There is no doubt in my mind that the work of the council, in helping to create shared knowledge and understanding between the people of the United Kingdom and the wider world, is an absolutely essential part of our relationships with other countries. So often, when I am travelling in different parts of the world, I meet people who have a particular fondness or affection for Britain that can be traced back to the British Council. They may have studied in the U.K. with the help of the council, or learnt English at a council centre in their home country or been involved in one of the council's cultural or development programmes. So many speak with immense appreciation about everything the British Council has done for them at one point or another.
I have been much impressed by the breadth of the British Council's work in Croatia and, for instance, was particularly interested to hear about the programme that assists long-term unemployed women to pursue careers in the tourism industry, by developing their English language and customer service skills. And this evening I have met some of those involved with the Design for Inclusion exhibition, which uses a design-led process to help transform organisations run by, employing or educating groups of people who often come from a disadvantaged background. I was so impressed to see the way in which their ideas, drawings and designs have been turned into the most beautiful objects of all kinds, which I think is a great art to be able to do and something which is so impressive here in Croatia.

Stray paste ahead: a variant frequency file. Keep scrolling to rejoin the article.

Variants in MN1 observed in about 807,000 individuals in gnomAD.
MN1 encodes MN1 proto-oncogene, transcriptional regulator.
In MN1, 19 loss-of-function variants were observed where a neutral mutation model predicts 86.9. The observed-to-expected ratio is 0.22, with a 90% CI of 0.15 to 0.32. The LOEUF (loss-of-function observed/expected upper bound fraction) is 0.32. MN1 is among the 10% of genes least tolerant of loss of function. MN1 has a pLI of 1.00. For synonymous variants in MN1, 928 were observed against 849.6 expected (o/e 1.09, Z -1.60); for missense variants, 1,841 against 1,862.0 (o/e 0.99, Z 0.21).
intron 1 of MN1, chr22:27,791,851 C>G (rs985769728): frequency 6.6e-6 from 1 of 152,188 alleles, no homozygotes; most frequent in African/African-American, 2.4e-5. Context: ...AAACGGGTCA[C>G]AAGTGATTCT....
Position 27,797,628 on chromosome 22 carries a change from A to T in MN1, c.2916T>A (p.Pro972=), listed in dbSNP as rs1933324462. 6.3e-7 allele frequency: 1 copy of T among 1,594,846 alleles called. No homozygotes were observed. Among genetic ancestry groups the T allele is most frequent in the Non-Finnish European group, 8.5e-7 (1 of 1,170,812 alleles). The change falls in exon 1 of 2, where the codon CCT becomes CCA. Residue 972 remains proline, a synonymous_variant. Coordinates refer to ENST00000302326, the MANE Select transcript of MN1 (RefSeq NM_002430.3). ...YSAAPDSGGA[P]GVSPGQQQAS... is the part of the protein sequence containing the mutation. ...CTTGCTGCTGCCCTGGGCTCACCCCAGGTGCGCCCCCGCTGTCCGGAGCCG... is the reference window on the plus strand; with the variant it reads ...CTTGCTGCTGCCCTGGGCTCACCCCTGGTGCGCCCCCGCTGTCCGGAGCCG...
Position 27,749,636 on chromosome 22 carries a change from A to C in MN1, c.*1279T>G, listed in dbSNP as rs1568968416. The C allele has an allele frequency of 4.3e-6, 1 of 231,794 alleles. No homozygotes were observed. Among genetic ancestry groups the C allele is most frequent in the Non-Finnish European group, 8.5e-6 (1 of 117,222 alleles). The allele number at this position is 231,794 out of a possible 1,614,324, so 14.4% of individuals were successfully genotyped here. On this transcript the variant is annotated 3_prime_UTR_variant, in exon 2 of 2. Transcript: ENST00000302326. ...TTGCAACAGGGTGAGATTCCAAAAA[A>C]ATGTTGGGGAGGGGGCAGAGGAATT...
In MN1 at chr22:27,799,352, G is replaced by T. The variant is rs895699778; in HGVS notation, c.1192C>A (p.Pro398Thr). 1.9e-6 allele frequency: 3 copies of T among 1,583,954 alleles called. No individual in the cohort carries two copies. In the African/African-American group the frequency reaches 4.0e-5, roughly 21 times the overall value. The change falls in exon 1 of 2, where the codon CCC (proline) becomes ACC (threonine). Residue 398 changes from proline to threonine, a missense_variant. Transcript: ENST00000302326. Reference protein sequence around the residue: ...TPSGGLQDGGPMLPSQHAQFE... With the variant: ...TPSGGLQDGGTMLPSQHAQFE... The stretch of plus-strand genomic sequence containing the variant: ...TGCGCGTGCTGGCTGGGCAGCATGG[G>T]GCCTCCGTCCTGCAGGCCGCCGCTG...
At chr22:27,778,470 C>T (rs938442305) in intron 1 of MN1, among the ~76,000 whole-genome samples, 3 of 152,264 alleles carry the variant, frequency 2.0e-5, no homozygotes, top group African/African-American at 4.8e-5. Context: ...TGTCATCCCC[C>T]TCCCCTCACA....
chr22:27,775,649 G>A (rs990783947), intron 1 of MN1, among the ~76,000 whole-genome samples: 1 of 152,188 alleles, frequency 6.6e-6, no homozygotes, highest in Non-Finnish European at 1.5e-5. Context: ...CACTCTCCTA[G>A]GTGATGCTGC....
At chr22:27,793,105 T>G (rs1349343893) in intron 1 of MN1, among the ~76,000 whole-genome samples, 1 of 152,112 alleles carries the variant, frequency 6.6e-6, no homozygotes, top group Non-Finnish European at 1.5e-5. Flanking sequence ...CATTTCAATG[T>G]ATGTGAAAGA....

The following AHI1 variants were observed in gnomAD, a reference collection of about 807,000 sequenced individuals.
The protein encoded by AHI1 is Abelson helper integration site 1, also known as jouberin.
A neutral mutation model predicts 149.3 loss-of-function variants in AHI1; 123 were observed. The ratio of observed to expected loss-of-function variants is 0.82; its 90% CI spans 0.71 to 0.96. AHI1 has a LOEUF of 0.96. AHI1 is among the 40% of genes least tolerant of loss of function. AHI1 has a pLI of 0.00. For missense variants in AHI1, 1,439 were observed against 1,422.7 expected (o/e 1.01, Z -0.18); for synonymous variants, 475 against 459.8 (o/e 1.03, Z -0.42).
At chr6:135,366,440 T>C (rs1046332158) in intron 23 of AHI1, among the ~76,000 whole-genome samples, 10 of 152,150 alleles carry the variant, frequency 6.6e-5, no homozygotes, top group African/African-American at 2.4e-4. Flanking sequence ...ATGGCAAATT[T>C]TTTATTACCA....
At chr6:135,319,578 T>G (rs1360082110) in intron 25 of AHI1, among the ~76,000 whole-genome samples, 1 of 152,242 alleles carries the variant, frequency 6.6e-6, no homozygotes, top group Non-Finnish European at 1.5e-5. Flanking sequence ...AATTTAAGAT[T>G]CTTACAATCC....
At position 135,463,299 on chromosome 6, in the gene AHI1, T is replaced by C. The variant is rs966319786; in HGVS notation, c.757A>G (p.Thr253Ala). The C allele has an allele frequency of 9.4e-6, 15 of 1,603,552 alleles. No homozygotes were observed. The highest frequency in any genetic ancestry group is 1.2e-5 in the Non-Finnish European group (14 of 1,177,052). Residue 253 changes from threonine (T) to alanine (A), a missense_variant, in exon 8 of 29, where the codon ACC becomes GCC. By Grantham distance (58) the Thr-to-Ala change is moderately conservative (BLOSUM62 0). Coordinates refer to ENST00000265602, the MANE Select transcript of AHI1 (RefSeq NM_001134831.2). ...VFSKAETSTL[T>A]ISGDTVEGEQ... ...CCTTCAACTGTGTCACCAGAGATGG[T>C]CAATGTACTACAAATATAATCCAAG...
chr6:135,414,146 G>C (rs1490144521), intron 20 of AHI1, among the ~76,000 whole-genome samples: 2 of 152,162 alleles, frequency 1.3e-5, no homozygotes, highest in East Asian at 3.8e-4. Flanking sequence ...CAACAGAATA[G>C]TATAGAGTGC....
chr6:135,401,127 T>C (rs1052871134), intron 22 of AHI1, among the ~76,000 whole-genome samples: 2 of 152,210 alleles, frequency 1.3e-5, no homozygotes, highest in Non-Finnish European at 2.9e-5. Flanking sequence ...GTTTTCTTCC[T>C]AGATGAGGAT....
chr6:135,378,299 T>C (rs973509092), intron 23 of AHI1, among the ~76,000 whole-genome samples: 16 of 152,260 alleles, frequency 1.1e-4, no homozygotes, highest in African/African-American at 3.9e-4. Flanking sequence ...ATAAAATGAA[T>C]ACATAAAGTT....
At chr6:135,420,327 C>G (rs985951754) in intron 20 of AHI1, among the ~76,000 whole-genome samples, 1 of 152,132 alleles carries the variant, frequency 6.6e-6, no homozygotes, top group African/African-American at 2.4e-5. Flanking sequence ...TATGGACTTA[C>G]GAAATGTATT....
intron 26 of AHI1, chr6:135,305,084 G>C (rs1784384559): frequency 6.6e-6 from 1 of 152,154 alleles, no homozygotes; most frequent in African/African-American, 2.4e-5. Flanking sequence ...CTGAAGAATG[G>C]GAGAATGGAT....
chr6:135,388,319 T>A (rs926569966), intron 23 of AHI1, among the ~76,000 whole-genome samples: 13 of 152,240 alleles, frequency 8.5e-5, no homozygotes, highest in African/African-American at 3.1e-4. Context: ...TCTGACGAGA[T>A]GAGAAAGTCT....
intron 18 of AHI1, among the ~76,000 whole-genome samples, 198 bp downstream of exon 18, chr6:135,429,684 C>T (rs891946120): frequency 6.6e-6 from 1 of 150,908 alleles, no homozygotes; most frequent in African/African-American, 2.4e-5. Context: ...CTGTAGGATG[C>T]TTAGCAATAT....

I know, too, that the council is helping to celebrate an important event this year – and that is the 400th anniversary since the death of William Shakespeare. As the President of the Royal Shakespeare Company for the last 25 years, I couldn't be more delighted. Nor could I be more delighted that yesterday in the National Theatre we saw some performers, younger and older, performing some Shakespeare and it is truly remarkable how his work is so universal. It is remarkable too how people are able to translate his work into, for instance, Croatian and the appeal is still there after all these hundreds of years. So I may just congratulate the council on all they have achieved over these seven decades, giving opportunities to young Croatians and helping to forge so many friendships between Croatia and Britain. So ladies and gentlemen may the next 70 years be just as fruitful. As President of the Royal Shakespeare Company, I can't tell you how impressed I was by the acting!